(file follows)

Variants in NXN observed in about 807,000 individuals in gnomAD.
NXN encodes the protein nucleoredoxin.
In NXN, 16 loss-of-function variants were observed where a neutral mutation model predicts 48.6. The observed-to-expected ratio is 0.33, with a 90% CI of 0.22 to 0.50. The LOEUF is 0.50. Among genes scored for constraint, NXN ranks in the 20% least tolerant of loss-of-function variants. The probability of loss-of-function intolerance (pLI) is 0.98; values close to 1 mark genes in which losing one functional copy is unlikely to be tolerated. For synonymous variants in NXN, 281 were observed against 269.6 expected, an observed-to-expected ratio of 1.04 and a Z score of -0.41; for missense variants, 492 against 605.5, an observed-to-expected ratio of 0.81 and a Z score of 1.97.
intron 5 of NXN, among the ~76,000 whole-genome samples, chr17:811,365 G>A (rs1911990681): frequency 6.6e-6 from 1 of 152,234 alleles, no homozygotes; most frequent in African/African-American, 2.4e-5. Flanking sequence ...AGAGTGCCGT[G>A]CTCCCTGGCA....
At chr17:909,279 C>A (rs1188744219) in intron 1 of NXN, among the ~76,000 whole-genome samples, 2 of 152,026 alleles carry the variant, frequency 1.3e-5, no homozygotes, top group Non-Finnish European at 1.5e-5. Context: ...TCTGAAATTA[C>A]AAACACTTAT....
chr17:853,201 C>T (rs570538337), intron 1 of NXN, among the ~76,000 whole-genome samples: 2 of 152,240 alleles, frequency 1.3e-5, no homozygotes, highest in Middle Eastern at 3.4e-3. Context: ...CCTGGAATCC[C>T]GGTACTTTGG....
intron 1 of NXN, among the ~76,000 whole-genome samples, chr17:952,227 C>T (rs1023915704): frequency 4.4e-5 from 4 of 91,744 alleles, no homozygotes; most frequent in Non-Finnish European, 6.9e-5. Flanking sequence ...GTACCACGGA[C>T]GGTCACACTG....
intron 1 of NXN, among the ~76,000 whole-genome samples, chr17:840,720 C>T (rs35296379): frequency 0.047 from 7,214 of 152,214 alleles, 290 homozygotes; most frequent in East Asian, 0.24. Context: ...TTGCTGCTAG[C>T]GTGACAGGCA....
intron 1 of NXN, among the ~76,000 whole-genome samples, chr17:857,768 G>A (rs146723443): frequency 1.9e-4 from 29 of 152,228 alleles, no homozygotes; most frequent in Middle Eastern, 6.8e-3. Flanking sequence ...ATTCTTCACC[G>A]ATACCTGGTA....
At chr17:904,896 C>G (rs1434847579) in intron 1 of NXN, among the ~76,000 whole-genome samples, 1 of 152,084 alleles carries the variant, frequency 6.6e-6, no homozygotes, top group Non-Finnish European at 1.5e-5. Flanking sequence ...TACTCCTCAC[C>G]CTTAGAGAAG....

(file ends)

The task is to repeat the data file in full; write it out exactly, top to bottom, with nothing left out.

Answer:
Variants in NXN observed in about 807,000 individuals in gnomAD.
NXN encodes the protein nucleoredoxin.
In NXN, 16 loss-of-function variants were observed where a neutral mutation model predicts 48.6. The observed-to-expected ratio is 0.33, with a 90% CI of 0.22 to 0.50. The LOEUF is 0.50. Among genes scored for constraint, NXN ranks in the 20% least tolerant of loss-of-function variants. The probability of loss-of-function intolerance (pLI) is 0.98; values close to 1 mark genes in which losing one functional copy is unlikely to be tolerated. For synonymous variants in NXN, 281 were observed against 269.6 expected, an observed-to-expected ratio of 1.04 and a Z score of -0.41; for missense variants, 492 against 605.5, an observed-to-expected ratio of 0.81 and a Z score of 1.97.
intron 5 of NXN, among the ~76,000 whole-genome samples, chr17:811,365 G>A (rs1911990681): frequency 6.6e-6 from 1 of 152,234 alleles, no homozygotes; most frequent in African/African-American, 2.4e-5. Flanking sequence ...AGAGTGCCGT[G>A]CTCCCTGGCA....
At chr17:909,279 C>A (rs1188744219) in intron 1 of NXN, among the ~76,000 whole-genome samples, 2 of 152,026 alleles carry the variant, frequency 1.3e-5, no homozygotes, top group Non-Finnish European at 1.5e-5. Context: ...TCTGAAATTA[C>A]AAACACTTAT....
chr17:853,201 C>T (rs570538337), intron 1 of NXN, among the ~76,000 whole-genome samples: 2 of 152,240 alleles, frequency 1.3e-5, no homozygotes, highest in Middle Eastern at 3.4e-3. Context: ...CCTGGAATCC[C>T]GGTACTTTGG....
intron 1 of NXN, among the ~76,000 whole-genome samples, chr17:952,227 C>T (rs1023915704): frequency 4.4e-5 from 4 of 91,744 alleles, no homozygotes; most frequent in Non-Finnish European, 6.9e-5. Flanking sequence ...GTACCACGGA[C>T]GGTCACACTG....
intron 1 of NXN, among the ~76,000 whole-genome samples, chr17:840,720 C>T (rs35296379): frequency 0.047 from 7,214 of 152,214 alleles, 290 homozygotes; most frequent in East Asian, 0.24. Context: ...TTGCTGCTAG[C>T]GTGACAGGCA....
intron 1 of NXN, among the ~76,000 whole-genome samples, chr17:857,768 G>A (rs146723443): frequency 1.9e-4 from 29 of 152,228 alleles, no homozygotes; most frequent in Middle Eastern, 6.8e-3. Flanking sequence ...ATTCTTCACC[G>A]ATACCTGGTA....
At chr17:904,896 C>G (rs1434847579) in intron 1 of NXN, among the ~76,000 whole-genome samples, 1 of 152,084 alleles carries the variant, frequency 6.6e-6, no homozygotes, top group Non-Finnish European at 1.5e-5. Flanking sequence ...TACTCCTCAC[C>G]CTTAGAGAAG....